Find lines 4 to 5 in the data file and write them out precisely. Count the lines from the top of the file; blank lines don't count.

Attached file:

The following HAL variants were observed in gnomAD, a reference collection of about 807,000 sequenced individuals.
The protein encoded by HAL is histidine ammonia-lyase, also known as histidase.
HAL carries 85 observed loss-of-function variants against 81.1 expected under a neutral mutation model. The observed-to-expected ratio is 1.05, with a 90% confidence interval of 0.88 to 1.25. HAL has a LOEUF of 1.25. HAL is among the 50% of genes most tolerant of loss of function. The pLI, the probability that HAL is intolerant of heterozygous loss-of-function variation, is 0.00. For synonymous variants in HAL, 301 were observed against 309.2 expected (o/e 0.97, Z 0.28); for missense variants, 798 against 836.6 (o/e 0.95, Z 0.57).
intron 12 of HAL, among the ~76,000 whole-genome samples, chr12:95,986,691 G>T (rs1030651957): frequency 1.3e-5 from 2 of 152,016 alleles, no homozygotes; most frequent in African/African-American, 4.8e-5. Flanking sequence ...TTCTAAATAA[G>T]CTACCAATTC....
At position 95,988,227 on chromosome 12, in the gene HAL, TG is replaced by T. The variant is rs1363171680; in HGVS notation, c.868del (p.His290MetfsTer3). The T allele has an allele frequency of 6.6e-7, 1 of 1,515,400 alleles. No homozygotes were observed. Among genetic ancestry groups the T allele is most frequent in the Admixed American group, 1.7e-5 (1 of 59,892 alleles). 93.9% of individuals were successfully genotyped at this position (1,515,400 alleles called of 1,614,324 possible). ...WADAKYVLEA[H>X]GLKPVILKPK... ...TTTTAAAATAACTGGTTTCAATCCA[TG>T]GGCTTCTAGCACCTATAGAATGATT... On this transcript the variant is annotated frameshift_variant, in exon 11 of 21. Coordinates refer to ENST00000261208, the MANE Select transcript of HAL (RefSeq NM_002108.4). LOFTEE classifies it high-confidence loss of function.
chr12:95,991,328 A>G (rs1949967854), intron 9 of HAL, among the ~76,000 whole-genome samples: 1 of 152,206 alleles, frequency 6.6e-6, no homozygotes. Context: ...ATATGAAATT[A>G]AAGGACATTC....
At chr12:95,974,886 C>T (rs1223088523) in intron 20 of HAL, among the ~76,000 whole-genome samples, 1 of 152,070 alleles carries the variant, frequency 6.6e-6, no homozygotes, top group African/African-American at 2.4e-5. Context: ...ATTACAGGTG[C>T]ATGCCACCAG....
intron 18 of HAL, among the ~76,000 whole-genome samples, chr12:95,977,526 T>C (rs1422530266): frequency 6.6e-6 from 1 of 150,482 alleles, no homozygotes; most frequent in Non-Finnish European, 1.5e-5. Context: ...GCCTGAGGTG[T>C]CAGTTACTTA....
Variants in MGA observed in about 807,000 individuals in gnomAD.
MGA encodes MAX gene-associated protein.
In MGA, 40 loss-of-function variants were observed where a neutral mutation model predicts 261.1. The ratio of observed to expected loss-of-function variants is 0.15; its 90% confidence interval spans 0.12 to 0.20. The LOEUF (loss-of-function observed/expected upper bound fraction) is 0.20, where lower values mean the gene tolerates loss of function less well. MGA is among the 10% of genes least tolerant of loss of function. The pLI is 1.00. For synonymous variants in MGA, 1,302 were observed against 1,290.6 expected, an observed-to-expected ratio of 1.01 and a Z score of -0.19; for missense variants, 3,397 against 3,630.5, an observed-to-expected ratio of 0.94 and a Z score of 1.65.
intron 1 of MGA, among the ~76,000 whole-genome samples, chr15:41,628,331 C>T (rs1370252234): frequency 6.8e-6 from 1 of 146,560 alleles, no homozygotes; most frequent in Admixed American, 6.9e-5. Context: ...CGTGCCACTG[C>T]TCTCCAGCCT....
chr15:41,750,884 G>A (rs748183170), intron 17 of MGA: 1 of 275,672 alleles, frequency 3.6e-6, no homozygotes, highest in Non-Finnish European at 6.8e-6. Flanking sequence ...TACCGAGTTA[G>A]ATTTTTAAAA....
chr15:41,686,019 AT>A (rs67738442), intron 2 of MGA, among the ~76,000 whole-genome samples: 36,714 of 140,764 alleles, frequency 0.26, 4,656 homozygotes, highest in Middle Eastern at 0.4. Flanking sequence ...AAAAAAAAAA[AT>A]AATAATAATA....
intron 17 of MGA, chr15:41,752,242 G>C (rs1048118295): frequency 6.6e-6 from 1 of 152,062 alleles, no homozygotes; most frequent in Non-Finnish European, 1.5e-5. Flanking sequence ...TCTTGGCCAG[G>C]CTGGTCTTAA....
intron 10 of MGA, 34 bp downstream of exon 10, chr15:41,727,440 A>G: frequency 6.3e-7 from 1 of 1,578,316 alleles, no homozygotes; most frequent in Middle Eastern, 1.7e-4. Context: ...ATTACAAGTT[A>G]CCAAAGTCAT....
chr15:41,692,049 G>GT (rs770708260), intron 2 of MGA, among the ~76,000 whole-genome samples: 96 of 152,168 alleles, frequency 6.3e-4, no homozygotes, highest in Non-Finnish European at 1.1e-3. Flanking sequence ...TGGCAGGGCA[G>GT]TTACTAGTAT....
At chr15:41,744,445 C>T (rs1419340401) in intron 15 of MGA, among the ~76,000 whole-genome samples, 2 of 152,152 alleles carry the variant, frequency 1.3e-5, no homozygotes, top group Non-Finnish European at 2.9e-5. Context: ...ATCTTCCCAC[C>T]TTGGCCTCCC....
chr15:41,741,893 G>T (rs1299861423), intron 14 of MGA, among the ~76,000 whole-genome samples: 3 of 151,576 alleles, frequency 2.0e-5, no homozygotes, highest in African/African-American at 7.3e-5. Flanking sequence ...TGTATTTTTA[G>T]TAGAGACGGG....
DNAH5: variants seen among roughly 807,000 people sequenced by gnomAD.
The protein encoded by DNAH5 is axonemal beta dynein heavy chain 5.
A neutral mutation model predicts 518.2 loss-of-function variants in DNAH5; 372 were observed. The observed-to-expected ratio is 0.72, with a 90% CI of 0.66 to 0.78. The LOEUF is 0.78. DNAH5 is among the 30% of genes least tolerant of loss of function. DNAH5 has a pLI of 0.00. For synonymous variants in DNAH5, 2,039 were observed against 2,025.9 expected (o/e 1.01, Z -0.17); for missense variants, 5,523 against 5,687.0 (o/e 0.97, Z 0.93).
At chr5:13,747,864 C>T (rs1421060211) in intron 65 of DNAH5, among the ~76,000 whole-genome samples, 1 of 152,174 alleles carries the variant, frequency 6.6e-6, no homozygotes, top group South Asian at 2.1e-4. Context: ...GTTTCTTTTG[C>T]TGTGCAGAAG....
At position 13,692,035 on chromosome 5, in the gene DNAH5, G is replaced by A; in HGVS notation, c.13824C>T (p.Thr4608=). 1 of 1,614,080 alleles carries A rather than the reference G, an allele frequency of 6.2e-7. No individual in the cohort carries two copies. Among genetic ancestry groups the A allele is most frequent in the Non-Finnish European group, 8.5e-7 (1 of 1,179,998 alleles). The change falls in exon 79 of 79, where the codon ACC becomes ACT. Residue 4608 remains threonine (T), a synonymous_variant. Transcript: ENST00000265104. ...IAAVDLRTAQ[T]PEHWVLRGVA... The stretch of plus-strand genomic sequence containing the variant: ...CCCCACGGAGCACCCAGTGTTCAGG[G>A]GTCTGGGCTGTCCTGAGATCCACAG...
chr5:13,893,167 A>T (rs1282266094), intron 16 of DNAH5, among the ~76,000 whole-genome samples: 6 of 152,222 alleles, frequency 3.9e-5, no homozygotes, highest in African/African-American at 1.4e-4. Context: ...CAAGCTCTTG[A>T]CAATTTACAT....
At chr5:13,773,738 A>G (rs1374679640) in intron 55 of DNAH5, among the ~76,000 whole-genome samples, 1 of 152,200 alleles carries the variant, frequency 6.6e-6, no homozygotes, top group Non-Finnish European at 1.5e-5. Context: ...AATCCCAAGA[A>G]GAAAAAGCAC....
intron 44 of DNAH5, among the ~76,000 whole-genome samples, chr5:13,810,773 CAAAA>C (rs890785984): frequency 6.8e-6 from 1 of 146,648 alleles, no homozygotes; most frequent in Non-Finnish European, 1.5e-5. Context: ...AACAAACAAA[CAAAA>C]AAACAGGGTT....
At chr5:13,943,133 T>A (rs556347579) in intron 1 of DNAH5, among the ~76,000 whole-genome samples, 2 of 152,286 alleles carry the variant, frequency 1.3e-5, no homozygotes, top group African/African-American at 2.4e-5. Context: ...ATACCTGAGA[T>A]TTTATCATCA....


intron 12 of HAL, among the ~76,000 whole-genome samples, chr12:95,986,691 G>T (rs1030651957): frequency 1.3e-5 from 2 of 152,016 alleles, no homozygotes; most frequent in African/African-American, 4.8e-5. Flanking sequence ...TTCTAAATAA[G>T]CTACCAATTC....
At position 95,988,227 on chromosome 12, in the gene HAL, TG is replaced by T. The variant is rs1363171680; in HGVS notation, c.868del (p.His290MetfsTer3). The T allele has an allele frequency of 6.6e-7, 1 of 1,515,400 alleles. No homozygotes were observed. Among genetic ancestry groups the T allele is most frequent in the Admixed American group, 1.7e-5 (1 of 59,892 alleles). 93.9% of individuals were successfully genotyped at this position (1,515,400 alleles called of 1,614,324 possible). ...WADAKYVLEA[H>X]GLKPVILKPK... ...TTTTAAAATAACTGGTTTCAATCCA[TG>T]GGCTTCTAGCACCTATAGAATGATT... On this transcript the variant is annotated frameshift_variant, in exon 11 of 21. Coordinates refer to ENST00000261208, the MANE Select transcript of HAL (RefSeq NM_002108.4). LOFTEE classifies it high-confidence loss of function.